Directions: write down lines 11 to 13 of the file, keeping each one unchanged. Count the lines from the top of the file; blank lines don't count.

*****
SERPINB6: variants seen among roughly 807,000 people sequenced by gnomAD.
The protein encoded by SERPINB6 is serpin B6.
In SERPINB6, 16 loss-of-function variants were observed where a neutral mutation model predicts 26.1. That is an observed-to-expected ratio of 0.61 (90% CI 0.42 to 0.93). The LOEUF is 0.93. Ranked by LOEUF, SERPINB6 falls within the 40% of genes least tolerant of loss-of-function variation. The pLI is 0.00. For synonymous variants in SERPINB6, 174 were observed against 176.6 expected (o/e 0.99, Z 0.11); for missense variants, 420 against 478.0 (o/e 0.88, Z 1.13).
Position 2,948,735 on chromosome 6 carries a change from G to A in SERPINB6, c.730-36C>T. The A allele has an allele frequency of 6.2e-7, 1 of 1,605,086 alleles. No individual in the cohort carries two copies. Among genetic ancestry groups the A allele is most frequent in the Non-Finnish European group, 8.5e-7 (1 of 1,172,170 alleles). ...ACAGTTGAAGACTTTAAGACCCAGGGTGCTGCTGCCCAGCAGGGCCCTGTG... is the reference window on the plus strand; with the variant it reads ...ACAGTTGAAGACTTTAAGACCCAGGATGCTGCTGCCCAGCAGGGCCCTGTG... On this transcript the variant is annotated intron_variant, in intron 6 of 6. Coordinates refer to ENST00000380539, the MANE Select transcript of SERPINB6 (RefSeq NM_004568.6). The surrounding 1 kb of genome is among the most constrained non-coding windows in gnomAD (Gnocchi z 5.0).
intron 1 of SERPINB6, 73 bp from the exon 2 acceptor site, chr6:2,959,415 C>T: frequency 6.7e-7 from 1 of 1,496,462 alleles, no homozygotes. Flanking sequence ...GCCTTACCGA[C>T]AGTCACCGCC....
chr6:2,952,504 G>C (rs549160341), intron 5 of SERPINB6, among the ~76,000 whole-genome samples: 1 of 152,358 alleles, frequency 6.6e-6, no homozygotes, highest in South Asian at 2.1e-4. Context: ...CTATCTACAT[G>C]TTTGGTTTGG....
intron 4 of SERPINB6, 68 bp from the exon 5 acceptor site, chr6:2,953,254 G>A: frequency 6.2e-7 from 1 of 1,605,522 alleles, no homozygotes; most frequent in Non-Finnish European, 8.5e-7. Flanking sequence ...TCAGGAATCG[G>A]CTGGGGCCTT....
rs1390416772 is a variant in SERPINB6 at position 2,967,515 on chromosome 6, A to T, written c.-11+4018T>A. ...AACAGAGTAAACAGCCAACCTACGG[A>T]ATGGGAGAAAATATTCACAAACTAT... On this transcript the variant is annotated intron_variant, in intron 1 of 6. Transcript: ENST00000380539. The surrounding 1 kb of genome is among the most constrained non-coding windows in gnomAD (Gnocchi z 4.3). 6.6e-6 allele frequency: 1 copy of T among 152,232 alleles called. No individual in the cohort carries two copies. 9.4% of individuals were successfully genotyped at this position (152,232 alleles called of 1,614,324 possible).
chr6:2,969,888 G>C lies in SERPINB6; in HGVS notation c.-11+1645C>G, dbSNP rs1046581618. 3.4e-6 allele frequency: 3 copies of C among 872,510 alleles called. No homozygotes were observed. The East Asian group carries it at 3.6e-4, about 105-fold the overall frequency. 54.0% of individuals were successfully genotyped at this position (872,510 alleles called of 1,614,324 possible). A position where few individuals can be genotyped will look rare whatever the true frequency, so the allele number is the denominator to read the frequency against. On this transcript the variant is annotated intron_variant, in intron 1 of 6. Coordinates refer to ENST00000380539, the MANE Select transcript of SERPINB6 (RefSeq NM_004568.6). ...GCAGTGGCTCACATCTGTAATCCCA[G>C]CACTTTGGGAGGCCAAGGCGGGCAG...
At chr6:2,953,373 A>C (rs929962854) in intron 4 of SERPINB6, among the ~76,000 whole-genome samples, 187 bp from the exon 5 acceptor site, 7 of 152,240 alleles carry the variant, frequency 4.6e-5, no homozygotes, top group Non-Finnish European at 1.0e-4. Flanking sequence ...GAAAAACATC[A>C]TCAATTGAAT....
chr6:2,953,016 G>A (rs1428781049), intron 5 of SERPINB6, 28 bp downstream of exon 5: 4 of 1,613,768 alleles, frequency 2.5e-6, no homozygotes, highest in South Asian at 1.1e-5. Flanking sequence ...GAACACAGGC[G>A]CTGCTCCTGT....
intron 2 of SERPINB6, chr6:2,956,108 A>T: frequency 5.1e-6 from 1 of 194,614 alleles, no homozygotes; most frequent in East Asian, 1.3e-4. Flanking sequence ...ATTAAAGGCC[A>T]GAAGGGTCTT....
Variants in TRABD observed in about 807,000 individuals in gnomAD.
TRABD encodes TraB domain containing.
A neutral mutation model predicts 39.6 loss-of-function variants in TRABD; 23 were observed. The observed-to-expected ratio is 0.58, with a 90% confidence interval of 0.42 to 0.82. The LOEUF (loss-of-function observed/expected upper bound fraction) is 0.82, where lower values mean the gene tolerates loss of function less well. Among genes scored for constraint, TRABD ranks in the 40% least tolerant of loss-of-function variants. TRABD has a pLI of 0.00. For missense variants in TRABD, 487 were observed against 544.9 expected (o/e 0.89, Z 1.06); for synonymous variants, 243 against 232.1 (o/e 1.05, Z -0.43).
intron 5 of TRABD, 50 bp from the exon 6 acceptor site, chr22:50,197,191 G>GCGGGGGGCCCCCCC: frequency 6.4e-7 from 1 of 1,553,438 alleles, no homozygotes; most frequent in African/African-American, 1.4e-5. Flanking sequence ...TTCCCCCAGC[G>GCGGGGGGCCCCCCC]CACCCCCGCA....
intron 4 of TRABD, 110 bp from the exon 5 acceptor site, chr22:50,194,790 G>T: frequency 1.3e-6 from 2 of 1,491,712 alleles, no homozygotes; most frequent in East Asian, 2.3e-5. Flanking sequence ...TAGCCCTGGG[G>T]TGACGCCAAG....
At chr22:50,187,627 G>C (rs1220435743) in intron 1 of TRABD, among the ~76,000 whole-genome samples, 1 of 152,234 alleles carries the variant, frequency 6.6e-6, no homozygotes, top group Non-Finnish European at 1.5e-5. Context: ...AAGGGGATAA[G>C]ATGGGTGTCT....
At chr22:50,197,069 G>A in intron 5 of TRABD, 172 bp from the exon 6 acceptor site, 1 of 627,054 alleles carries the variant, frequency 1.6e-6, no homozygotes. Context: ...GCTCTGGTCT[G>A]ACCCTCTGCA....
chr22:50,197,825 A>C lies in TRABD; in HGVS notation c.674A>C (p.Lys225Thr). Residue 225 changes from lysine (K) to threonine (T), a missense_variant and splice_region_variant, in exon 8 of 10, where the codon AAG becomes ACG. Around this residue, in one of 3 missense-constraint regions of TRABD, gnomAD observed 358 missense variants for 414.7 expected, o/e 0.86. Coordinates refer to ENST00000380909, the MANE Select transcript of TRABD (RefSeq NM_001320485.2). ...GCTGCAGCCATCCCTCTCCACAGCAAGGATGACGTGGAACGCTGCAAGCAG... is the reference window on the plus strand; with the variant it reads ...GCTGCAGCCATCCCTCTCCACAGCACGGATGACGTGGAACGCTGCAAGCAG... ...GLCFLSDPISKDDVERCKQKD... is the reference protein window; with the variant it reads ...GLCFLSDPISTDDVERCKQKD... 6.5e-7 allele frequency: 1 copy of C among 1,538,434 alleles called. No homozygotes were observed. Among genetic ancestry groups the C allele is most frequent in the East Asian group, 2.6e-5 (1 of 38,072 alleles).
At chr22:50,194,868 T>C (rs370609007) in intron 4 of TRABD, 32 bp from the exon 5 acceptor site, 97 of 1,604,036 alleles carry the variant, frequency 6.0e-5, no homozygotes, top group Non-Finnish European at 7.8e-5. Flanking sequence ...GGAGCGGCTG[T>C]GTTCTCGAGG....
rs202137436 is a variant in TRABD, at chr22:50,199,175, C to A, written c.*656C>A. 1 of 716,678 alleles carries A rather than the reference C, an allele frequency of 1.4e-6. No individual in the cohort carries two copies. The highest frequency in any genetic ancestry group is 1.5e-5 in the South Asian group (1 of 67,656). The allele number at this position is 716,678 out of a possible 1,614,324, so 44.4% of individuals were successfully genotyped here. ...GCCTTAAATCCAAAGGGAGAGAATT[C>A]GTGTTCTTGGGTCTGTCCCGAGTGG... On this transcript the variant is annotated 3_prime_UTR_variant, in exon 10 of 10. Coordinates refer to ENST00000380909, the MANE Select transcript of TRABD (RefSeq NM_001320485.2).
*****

chr6:2,953,016 G>A (rs1428781049), intron 5 of SERPINB6, 28 bp downstream of exon 5: 4 of 1,613,768 alleles, frequency 2.5e-6, no homozygotes, highest in South Asian at 1.1e-5. Flanking sequence ...GAACACAGGC[G>A]CTGCTCCTGT....
intron 2 of SERPINB6, chr6:2,956,108 A>T: frequency 5.1e-6 from 1 of 194,614 alleles, no homozygotes; most frequent in East Asian, 1.3e-4. Flanking sequence ...ATTAAAGGCC[A>T]GAAGGGTCTT....
Variants in TRABD observed in about 807,000 individuals in gnomAD.